It seems like a lot of folks are interested in getting a PPC career these days. And I wholeheartedly welcome it! At least in Austin, it seems like there are far more positions open for talented PPC folk than there are people to fill them. I’ve been hitting a lot of career fairs and networking events now that I deal with hiring people on my online marketing team. And one question comes up very often: is PPC certification worth it?
Let me answer that with a little of my own experience with Google AdWords certification and Microsoft AdCenter certification. Back when I started my career, the agency I was working at sponsored our AdWords certification. I took the test (and passed!) but qualification requirements have changed since then and I never bothered with renewing the certification. I certainly helped me get the next job I had after the agency, but since then I’ve been sought out due to my LinkedIn resume and my blogging efforts.
My Microsoft AdCenter certification story is much shorter. Late last year, Microsoft started offering free accreditation for their AdCenter certification. They said it was a limited time offer, so I took the test on a whim and passed with flying colors. They’re still offering this free, “limited time” offer (although I’m not sure just how limited this time is if it’s been going on for months now). Although I’m a little skeptical about the true scarcity of this offer, I do encourage people to go ahead and get the certification. It’s free, and should only take about two to three hours of your time.
So do I think it’s worth it? Absolutely. Will it help you get a PPC job? Maybe. As a hiring manager, I would definitely like to see a AdWords or AdCenter certification on a resume. But it’s not everything. I’m much more impressed by hands-on PPC experience or an interesting, complex online marketing project someone has worked on. But if you’re just starting out in your career and don’t have experience yet, I think that $50 and an investment of your time is a small price to pay for this strong indicator of online marketing competence. I wouldn’t hire someone on a PPC certification alone, but it would certainly give you an advantage versus someone at the same experience level who lacked the certification.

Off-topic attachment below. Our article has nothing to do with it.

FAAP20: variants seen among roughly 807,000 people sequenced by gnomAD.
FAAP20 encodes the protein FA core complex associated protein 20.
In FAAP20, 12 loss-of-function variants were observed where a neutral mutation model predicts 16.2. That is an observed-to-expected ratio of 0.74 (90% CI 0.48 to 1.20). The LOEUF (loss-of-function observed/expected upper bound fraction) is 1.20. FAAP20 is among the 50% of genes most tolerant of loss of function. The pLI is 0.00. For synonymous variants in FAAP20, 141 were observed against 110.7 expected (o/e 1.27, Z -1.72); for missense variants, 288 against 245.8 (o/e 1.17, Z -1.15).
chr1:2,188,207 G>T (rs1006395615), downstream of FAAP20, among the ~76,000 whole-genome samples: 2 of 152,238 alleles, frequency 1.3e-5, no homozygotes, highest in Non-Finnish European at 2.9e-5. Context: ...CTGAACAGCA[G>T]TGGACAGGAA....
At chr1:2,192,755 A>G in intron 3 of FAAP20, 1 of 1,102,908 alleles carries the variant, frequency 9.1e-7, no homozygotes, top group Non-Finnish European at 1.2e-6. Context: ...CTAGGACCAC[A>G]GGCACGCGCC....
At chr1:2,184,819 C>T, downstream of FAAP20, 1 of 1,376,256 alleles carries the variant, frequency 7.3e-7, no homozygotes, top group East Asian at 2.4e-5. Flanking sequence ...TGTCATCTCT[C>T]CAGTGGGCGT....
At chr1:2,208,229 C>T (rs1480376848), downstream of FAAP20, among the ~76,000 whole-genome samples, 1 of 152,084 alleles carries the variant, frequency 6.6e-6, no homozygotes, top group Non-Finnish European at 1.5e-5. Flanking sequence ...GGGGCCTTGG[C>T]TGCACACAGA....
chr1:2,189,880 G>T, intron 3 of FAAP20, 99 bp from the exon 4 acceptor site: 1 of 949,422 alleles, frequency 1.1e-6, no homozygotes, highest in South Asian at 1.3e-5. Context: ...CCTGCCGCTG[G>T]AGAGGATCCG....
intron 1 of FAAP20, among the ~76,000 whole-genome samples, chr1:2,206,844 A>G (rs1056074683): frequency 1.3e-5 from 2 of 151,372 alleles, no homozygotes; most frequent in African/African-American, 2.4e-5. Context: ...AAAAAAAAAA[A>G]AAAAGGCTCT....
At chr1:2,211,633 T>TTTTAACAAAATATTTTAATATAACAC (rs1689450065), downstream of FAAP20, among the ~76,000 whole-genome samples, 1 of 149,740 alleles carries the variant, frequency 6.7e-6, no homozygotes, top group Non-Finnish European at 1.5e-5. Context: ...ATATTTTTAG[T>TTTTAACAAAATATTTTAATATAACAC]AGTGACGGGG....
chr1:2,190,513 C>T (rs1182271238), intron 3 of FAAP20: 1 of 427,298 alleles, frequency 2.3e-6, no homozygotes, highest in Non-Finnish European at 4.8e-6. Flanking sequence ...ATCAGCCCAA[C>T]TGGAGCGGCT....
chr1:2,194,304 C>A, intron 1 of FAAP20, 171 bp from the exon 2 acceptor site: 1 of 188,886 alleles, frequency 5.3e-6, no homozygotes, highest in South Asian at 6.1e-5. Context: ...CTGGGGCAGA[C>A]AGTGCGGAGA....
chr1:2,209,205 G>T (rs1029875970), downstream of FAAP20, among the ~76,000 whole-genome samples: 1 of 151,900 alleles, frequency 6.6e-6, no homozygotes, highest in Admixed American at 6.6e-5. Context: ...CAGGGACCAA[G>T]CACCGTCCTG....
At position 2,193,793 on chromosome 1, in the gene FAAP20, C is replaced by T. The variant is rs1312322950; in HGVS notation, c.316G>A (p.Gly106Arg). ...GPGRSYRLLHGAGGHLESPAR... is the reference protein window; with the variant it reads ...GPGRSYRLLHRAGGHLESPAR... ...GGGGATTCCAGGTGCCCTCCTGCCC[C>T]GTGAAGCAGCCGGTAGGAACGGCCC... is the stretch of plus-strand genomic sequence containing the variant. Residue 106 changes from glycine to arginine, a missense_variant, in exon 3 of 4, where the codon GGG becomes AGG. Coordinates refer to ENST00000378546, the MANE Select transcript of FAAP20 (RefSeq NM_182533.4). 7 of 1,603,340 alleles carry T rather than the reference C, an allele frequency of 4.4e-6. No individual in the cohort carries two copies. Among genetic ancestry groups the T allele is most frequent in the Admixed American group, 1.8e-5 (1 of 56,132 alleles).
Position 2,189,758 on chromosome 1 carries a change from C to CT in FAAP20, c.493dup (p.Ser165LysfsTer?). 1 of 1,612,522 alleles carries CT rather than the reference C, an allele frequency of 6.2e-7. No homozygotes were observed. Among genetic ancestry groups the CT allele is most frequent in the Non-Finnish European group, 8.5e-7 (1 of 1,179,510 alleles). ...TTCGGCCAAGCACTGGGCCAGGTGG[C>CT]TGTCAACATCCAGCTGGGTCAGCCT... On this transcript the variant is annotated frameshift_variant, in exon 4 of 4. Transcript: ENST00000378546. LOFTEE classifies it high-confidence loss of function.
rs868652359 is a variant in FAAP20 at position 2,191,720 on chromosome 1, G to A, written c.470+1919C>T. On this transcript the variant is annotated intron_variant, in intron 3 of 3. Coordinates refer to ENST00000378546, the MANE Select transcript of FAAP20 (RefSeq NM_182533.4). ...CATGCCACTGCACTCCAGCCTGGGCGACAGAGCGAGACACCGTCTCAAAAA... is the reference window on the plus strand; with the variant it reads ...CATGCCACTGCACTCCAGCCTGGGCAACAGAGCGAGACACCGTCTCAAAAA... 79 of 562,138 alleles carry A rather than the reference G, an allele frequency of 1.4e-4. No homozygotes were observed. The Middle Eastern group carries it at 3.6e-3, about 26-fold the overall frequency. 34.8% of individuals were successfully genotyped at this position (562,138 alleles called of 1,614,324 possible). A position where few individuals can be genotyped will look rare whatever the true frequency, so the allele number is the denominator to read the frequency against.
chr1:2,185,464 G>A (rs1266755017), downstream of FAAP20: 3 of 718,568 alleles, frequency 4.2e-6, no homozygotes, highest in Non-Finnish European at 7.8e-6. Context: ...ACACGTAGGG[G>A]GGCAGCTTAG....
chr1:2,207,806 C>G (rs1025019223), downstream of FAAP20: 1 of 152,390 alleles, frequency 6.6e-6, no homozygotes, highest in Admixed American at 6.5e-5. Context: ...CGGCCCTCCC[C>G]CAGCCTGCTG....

Taking either test only requires a few hours of studying some free materials. AdCenter certification is free for now, and the AdWords certification only costs $100 ($50 per exam, and you have to pass two). That’s far less than the certification costs of most other specialized professions. Online marketing is a growing field, and there’s certainly a lack of talent in it. I encourage anyone with an interest in marketing to go the online route if you want to have some job stability. Passing your certification exams is the first step.